IDU'S HIV-1 INFECTION, NEUROENDOCRINE RESPONSES

Project: Research project

Project Details

Description

DESCRIPTION (Adapted from Applicant's Abstract): Growing evidence suggests that
injecting drug users (IDUs) and HIV+ IDUs exhibit abnormal neuroendocrinology
such as limbic-hypothalamo-pituitary-adrenocortical (HPA) activity. Thus, the
applicant's earlier investigations found attenuated norepinephrine (NE) and
ACTH responses to a cold pressor challenge in HIV-1+ individuals. This raised
the possibility that HIV-1 infection and IDU are associated with a lack of
adaptation to "stressors." These abnormalities could also be mediators of
mental disorders and negative medical outcomes in these populations. In order
to develop strategies for suitable interventions, it is necessary to identify
the HPA-specific neuroendocrine abnormalities in IDUs and HIV-1+ IDUs.

This 5-year proposal investigates the responses of the HPA axis and autonomic
system and their role as mediators in the pathogenesis of mental disorders
including anxiety, depressed mood, distress and cognitive-motor dysfunctions in
HIV-1+ IDUs. Two groups of IDUs (n=280), divided into HIV-1+ (n=140) and HIV-1-
(n-140), and a group of non-IDUs and HIV-1- normal (non-IDU) individuals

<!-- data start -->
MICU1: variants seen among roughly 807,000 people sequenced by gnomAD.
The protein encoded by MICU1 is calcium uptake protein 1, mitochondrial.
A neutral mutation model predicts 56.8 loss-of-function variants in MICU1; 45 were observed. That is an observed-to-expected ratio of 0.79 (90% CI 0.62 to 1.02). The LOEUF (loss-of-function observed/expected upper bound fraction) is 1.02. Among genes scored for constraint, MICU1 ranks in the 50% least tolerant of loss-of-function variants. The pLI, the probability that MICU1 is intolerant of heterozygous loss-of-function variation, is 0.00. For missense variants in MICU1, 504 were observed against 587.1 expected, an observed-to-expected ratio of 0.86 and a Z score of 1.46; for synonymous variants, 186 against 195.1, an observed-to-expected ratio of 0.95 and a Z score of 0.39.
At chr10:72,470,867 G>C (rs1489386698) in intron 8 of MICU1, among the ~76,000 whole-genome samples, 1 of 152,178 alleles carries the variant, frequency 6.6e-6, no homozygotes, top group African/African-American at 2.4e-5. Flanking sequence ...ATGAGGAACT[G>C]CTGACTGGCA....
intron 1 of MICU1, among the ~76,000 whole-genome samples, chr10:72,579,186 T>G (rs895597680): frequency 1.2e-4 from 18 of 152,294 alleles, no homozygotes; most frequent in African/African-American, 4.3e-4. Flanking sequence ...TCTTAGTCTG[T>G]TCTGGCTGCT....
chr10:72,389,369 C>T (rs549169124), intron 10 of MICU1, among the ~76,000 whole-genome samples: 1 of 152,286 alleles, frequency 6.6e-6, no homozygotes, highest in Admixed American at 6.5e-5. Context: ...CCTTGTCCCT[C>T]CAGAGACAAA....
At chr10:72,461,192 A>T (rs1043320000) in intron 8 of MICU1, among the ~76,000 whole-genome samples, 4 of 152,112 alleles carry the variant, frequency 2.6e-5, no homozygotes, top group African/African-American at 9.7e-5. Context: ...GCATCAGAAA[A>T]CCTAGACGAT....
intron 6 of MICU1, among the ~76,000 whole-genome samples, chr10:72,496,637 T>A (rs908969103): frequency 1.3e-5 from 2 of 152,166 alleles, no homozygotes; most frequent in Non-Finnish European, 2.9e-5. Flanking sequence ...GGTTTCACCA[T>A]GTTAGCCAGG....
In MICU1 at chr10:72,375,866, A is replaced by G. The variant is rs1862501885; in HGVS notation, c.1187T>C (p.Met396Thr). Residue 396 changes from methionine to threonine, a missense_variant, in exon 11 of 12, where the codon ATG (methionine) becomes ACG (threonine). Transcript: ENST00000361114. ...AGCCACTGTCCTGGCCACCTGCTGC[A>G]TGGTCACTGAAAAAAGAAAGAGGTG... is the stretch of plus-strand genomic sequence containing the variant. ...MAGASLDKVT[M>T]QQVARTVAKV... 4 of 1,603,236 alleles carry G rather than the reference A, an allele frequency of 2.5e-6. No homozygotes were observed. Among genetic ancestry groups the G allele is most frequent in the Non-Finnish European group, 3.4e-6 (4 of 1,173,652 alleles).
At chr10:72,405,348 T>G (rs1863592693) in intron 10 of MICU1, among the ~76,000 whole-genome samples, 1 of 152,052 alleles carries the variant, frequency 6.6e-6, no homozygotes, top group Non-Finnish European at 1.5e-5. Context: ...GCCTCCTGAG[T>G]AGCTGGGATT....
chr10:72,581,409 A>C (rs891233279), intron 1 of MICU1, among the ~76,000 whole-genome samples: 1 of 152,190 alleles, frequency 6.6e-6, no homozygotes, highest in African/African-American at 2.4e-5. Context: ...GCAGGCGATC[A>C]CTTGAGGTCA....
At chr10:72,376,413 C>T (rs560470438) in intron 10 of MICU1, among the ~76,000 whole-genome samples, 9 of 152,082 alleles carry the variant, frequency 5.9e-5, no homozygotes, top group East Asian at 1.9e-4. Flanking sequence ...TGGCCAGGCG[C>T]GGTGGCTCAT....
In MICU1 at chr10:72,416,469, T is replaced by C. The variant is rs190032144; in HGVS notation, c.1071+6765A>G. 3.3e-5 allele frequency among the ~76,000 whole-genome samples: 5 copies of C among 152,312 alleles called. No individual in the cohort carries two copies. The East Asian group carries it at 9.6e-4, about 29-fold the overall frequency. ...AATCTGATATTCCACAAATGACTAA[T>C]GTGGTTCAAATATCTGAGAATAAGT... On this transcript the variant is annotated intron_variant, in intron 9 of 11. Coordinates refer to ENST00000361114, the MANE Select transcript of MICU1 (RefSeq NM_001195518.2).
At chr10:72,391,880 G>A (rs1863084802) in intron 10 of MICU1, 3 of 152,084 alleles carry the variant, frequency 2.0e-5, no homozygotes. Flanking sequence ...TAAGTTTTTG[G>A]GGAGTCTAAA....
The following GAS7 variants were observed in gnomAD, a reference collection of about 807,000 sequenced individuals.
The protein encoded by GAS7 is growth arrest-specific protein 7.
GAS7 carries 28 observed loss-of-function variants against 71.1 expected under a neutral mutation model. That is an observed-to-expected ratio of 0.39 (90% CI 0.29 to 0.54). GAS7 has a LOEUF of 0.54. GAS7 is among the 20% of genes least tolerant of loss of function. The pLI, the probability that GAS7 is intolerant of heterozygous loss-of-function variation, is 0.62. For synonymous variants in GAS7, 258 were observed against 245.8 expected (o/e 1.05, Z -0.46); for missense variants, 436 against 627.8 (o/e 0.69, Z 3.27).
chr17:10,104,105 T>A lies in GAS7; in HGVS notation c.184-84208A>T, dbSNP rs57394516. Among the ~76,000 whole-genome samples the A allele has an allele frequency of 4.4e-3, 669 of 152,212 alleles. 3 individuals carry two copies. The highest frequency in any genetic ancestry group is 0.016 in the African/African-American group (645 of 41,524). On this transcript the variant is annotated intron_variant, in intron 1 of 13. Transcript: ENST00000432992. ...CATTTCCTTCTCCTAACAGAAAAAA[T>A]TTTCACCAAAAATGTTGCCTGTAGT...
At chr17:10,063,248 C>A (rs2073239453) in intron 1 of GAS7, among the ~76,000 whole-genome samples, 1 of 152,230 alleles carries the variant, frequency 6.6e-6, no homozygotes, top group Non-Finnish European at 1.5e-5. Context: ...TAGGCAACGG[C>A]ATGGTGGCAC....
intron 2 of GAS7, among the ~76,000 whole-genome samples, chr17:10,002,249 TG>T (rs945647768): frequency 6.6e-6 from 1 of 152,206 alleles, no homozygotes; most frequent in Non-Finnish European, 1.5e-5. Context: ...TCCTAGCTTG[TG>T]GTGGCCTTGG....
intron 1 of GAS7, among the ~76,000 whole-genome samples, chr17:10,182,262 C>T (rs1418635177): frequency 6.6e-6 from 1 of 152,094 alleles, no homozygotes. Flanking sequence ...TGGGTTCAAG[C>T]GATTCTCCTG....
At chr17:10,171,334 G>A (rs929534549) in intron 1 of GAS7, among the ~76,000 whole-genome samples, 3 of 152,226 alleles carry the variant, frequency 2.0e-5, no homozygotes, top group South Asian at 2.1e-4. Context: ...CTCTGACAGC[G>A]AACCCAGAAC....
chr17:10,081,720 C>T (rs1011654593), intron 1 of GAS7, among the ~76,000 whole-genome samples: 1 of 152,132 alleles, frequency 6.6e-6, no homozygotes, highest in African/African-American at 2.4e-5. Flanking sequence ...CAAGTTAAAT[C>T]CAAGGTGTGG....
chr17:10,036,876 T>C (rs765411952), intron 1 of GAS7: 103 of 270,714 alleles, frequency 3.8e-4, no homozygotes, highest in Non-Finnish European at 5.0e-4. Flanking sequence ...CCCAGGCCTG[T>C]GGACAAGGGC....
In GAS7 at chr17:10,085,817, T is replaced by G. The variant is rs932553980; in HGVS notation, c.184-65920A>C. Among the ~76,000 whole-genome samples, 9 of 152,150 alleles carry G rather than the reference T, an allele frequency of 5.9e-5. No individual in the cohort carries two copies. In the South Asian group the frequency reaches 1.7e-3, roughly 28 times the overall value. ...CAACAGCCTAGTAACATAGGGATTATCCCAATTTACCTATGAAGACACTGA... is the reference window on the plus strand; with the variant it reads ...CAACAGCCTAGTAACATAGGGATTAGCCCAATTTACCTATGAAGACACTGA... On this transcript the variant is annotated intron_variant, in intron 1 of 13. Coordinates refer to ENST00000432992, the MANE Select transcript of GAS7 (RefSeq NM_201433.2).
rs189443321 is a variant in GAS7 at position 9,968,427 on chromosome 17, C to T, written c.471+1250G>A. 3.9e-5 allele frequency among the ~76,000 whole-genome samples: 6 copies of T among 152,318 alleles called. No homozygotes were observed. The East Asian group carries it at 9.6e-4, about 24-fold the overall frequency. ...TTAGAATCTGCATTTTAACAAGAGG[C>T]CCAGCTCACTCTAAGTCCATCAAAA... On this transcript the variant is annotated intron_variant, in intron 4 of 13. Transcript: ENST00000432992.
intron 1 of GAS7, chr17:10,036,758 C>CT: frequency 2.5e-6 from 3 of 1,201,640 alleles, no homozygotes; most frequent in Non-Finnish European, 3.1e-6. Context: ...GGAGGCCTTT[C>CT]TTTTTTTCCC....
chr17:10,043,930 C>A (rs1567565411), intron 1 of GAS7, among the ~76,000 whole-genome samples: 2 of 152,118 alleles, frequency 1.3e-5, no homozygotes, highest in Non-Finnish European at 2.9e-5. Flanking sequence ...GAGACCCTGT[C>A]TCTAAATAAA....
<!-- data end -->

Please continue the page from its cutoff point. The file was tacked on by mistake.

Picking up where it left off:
(n=140), will be investigated using a 2X3X3 cross-sectional design (men, women;
African-American, Hispanics and Caucasians; HIV-1+ IDUs, HIV-1- IDUs and HIV-1-
non-IDUs). HIV-1+ subjects will be recruited across the entire spectrum of
infection. Subjects will be examined for symptoms of mental disorders using
specific batteries and investigated for their neuroendocrine (ACTH, cortisol),
and NE and E responses to cold pressor, star tracing and oCRH challenges, as
well as expression of lymphocyte Type I and Type II corticosteroid receptor
transcripts. Findings will be useful in explaining the pathogenesis of mental
disorders occurring in HIV-1+ IDUs as well as in HIV-1- IDUs. Attempts will
also be made to examine the role of plasma HIV-mRNA load (as well as blood CD4
cell counts) and that of HAART (highly active antiretroviral therapy) in HIV-1+
subjects since these drugs do not readily cross the blood-brain-barrier.
StatusFinished
Effective start/end date9/1/993/31/06

Funding

  • National Institute on Drug Abuse: $447,014.00
  • National Institute on Drug Abuse: $426,129.00
  • National Institute on Drug Abuse: $416,142.00
  • National Institute on Drug Abuse: $436,418.00
  • National Institute on Drug Abuse

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